Britain's first fully professional symphony orchestra, the Hallé Orchestra, was founded by the German-born pianist and conductor, Charles Hallé. A refugee from the 1848 revolution in Paris, he accepted the post of Conductor of the long-established Gentlemen's Concerts in Manchester. In 1857, for the six months duration of a gigantic exhibition of art treasures, this Orchestra was augmented. Rather than see it disbanded when the exhibition closed, Hallé decided to launch a series of concerts at his own expense and so the first Hallé Concert was held in the Free Trade Hall on January 30, 1858.
For the next 37 years Hallé controlled and conducted the concerts. From rather primitive beginnings, he gradually raised the standard of the programmes and gave several important first British performances of works by Berlioz. When new works by such modern composers as Wagner, Johannes Brahms and Dvorák were published, Hallé speedily included them in his concerts. Most of the great executants of the day, instrumental and vocal, appeared in Manchester under his baton, and he himself gave early performances of the J. Brahms B flat and Grieg piano concertos.
After Hallé's death in 1895 three guarantors, Gustav Behrens, James Forsyth and Henry Simon, undertook to carry on the concerts. They immediately began negotiations with Hans Richter, one of the outstanding conductors of the day and a noted interpreter of Wagner, Bruckner and J. Brahms, to be Hallé's successor. Though anxious to come, he had a Vienna contract to fulfil and for an interim period the Orchestra was conducted by Frederic Cowen. In 1899, the year the Hallé Concerts Society was founded, Richter went to Manchester and stayed until 1911.
Although his programmes were eventually criticised for their failure to include music by innovators like Debussy and Igor Stravinsky, he championed the music of Edward Elgar and Richard Strauss so that Manchester enjoyed a golden age of romantic music and interpretation.
After a short but fruitful period under Michael Balling, the Orchestra was maintained under guest conductors during the 1914-1919 period, chief among them Sir Thomas Beecham. In 1920 Hamilton Harty became conductor for the next 13 years, during which he fashioned the Orchestra into a brilliant and versatile body, especially effective in the music of Berlioz and Sibelius. From 1933 to 1943 Thomas Beecham and Malcolm Sargent were the Conductors most often seen in Manchester. In 1943 it was decided to put the Orchestra on an all-the-year basis-hitherto it had been in existence for only about six months of each year-and to increase the annual number of concerts from about 70 to over 200. This bold step coincided with the appointment of John Barbirolli, who had been in New York since 1936 as permanent conductor.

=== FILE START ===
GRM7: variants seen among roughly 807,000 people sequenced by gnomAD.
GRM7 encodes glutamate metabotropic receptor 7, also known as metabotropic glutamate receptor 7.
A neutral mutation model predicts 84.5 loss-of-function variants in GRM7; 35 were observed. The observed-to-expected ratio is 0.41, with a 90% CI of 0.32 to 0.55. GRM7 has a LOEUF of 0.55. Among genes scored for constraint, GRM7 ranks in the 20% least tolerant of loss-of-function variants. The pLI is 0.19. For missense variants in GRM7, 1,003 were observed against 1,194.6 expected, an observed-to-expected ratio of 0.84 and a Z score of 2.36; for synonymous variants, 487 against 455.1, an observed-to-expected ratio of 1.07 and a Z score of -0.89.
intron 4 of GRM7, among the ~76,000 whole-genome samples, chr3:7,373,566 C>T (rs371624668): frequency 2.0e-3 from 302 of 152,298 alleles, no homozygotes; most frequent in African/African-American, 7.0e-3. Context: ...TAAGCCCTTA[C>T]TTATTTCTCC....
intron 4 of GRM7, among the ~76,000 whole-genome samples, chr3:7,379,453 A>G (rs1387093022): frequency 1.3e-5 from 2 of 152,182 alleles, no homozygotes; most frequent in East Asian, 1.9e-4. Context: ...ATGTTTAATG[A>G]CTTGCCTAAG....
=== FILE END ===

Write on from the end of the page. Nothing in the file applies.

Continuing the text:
John Barbirolli re-created the Orchestra amid wartime difficulties and quickly established a remarkable rapport with players and public. After 1945 the Hallé expanded still further, becoming a truly national orchestra, for it played in every part of Britain although its strongholds remained Manchester, Bradford and Sheffield. Barbirolli insisted that it should also be an international orchestra, and in the 27 years during which he was its head, the Hallé visited Germany, Austria, Holland, Czechoslovakia, Poland, Spain, Portugal, Southern Rhodesia, Yugoslavia, Turkey, Italy, Greece, Switzerland, France, Scandinavia, Central and Southern America and the West Indies. In this time, too, it made many recordings and played at festivals throughout Britain. Its work for British music has been especially notable, and in this Barbirolli was assisted by his Associate Conductors, George Weldon and, after Weldon's untimely death, Maurice Handford.
The respect and affection in which Sir John Barbirolli was held culminated in the bestowal on him in 1968 of the unique title of Conductor Laureate for Life. His name had become synonymous with that of the Hallé and his death in July 1970 was a grievous personal blow to thousands. From 1968 the Hallé were considering candidates for the succession to Sir John and their choice fell in December 1970 on James Loughran, the 39 year old Conductor of the BBC Scottish Symphony Orchestra. His appointment dated from September 1971, but his first concerts with the Orchestra before that date were outstandingly successful. A new and potentially exciting era had begun.